First a few words on the so-called equity premium puzzle. In a nutshell, it says that the long run performance of equity markets exhibit a remuneration of the equity risk that is to high to be compatible with traditional pricing models such as the CAPM (you are the lucky one if your grand parents and parents were wise enough to have invested in the stock market!).
Numerous researchers have tried to modify the model to make it more complex: Habit formation (what I have for lunch does depend on what I had for breakfast and/or I want to keep up with the Joneses), labor income risk, generic background risk etc... Some others have suggested that the data that have been tortured until they confess are "biased": They mainly refer to the stock market that has indeed been the most successful, namely the US stock market, hence a survivor bias etc...
Here comes Barro who resurrects an old piece by University of Iowa Economist T A Rietz. In this paper Rietz suggests that the puzzle can be explained if one takes due consideration of low probability disasters. What are these disasters? In Barro's own terms:
"Well, “rare events” in this context are low probability, large disaster events. As a U.S. example, you think immediately about the Great Depression. However, war has been historically more important for most countries. I have in mind particularly the economic devastation of World Wars I and II for many countries, including much of Western Europe and Japan. From a U.S. perspective, one thinks about the world wars as times of good economic performance, but that outcome is unusual from a global perspective. For the U.S., one has to go back to the devastation of the Civil War in the South to find something comparable."
What are the consequences of such events? Again in Barro's terms:
"Suppose that you have potential events with, say, a 1 percent annual probability, where you lose half of your capital stock and GDP. This possibility seems to be enough to get something like the observed equity premium. Moreover, this mechanism has implications for a lot of other variables, not just for the excess of the average return on stocks over the return on government bills. For example, it can explain the very low “risk-free” rate and low expected real interest rates during most U.S. wars back to the Civil War. It can also explain some of the evolution of price-earnings ratios for the U.S. stock market."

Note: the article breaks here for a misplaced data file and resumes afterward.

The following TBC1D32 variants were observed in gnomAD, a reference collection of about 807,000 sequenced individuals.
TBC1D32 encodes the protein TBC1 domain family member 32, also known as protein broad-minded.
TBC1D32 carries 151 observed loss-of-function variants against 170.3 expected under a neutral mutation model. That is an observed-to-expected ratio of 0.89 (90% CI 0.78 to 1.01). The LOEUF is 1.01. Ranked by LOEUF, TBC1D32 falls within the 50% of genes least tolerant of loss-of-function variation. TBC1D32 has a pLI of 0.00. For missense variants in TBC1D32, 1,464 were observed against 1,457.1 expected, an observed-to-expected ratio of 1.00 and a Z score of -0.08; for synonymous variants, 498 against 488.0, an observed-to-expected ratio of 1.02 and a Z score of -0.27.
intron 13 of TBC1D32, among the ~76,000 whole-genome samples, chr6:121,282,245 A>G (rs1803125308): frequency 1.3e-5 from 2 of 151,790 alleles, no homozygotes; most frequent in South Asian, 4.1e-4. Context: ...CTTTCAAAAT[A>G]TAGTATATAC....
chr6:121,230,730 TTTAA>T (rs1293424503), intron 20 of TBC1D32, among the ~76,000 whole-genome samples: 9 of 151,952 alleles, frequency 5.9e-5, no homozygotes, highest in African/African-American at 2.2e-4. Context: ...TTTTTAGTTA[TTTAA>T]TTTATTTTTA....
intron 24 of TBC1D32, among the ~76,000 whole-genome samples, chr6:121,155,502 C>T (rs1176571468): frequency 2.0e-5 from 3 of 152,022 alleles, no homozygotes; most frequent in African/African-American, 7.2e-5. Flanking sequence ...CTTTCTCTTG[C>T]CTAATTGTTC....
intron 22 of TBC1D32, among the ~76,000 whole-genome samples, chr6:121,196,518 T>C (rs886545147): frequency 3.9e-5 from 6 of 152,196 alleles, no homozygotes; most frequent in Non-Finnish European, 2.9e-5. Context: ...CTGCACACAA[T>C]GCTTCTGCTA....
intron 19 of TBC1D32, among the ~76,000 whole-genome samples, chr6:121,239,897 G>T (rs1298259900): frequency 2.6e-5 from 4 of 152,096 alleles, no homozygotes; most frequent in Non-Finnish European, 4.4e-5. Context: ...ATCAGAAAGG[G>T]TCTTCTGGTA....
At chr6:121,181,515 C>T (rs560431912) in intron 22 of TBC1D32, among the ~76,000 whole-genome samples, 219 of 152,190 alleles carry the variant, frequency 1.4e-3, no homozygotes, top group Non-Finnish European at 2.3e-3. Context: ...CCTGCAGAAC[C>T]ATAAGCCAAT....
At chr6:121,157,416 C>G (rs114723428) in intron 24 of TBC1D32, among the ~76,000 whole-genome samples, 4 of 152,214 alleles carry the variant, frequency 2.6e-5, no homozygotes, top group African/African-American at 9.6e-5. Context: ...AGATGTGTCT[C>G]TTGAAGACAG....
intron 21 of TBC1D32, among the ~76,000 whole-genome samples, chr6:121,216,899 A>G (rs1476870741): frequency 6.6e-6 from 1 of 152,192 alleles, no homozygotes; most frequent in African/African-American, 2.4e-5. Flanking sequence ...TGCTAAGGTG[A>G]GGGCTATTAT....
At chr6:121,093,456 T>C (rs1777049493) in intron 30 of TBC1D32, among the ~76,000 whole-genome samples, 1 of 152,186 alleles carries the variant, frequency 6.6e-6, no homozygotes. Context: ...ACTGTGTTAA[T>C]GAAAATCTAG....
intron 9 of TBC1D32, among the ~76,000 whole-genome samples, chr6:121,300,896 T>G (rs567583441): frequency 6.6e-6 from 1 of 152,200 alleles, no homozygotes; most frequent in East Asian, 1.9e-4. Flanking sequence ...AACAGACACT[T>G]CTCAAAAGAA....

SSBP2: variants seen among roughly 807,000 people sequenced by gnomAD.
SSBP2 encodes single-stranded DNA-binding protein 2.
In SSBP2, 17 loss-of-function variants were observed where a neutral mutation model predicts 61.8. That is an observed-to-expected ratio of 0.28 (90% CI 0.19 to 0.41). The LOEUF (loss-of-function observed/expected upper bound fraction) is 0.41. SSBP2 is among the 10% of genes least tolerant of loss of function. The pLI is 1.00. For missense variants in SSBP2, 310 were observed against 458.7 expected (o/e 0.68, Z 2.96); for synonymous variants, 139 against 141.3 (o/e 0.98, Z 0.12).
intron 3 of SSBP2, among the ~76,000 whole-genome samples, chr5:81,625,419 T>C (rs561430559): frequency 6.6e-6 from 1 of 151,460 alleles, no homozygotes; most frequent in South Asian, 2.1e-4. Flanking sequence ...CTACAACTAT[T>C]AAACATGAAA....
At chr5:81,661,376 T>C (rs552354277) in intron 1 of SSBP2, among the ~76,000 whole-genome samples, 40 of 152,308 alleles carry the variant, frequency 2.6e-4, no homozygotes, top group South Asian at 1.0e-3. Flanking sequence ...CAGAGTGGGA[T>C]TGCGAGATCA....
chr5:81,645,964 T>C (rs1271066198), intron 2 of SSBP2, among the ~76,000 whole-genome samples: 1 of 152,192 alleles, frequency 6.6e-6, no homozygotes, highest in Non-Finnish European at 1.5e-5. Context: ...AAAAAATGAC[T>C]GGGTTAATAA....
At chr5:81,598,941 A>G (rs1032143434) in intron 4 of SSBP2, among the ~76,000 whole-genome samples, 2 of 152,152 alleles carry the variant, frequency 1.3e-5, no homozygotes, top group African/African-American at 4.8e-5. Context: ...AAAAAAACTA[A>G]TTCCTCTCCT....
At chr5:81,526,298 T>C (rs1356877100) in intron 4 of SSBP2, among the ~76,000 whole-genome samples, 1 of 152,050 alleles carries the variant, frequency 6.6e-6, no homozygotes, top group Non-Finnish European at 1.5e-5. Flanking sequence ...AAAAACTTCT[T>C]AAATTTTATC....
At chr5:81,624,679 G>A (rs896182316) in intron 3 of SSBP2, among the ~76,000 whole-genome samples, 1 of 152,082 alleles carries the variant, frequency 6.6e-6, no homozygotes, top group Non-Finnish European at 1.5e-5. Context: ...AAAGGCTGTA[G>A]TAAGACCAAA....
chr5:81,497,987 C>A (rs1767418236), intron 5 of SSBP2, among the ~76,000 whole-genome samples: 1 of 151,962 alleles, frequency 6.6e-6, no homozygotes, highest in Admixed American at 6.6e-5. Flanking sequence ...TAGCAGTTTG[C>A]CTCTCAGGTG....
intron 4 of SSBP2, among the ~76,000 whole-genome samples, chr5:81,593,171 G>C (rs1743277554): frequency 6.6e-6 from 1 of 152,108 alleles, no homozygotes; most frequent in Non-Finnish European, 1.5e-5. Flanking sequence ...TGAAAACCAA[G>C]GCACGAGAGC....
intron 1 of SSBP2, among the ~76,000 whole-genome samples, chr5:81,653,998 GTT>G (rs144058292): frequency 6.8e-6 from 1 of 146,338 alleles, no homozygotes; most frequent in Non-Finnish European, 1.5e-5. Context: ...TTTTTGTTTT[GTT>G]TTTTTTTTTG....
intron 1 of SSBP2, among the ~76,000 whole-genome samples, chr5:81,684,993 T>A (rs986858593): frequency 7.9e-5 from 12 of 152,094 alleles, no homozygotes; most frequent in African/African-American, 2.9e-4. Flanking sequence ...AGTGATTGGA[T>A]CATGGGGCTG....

Remember that the puzzle is about the equity risk premium being too high, in other words (for the CAPM aficionados) the empirical (observed) slope of the Security Market Line being too steep. The line starts at the risk-free rate where equity (beta) risk is zero and then goes linearly upward at a rate given by the equity premium (so that you get compensated for the extra equity risk you have to carry). The puzzle is also named the risk-free rate puzzle as the observed risk-free rate is low compared to the theoretical one. Well, according to Rietz and Barro, it could well be that people do not discard rare events that much or, more precisely, that their perceived disaster probabilities over time are higher than has been assumed in the literature (e.g. Mehra/Prescott). Hence the demand for the safe harbor investments is higher and the risk-free rate should indeed go down (Hint: How do you get to estimate these perceived disaster probabilities? Well, by looking at option prices and if you go deeper in the past at insurance prices).
So much for complex explanations! Two intertwined things worry me though. First, the Rietz/Barro argument sounds like the quantum leap debate in physics (disclosure: My field is not physics!). A lot of the literature in the economics of risk and uncertainty has provided evidence that people usually underestimate low probability events (from Howard Kunreuther to Nassim Taleb's famous Black Swan, click here for a video of Taleb). People have a hard time moving from the "normal" to the "rare" and back. How come that things (chief among them behaviors) are not the same in the small and in the large? So, who's right? Those who believe in the Black Swan or those who don't? More work is needed and it does not relate to finance only (think of climate events etc...).
Second, University of California Philippe Jorion and Yale University William N Goetzmann have shown that when you gather more data from more markets (outside the US) you get an empirical premium that is lower than the one that has been estimated on the US market only. Question: How do you reconcile the two sets of observations and arguments? In other words, is the premium too low or too high, is it vanishing and what kind of premium level should we expect in the future?
Maybe the real puzzle is with researchers themselves who seem to be as puzzled as the Equity Risk Premium itself!
Now for those who'd like to know where finance was in 1999 here is a piece entitled New facts in finance. by Cochrane, John H. source: Economic Perspectives, September 22, 1999.
via: HighBeam™ Research
COPYRIGHT 1999 Federal Reserve Bank of Chicago.
(This is the reason why I wrote this rather lengthy note to check how HighBeam research is working.)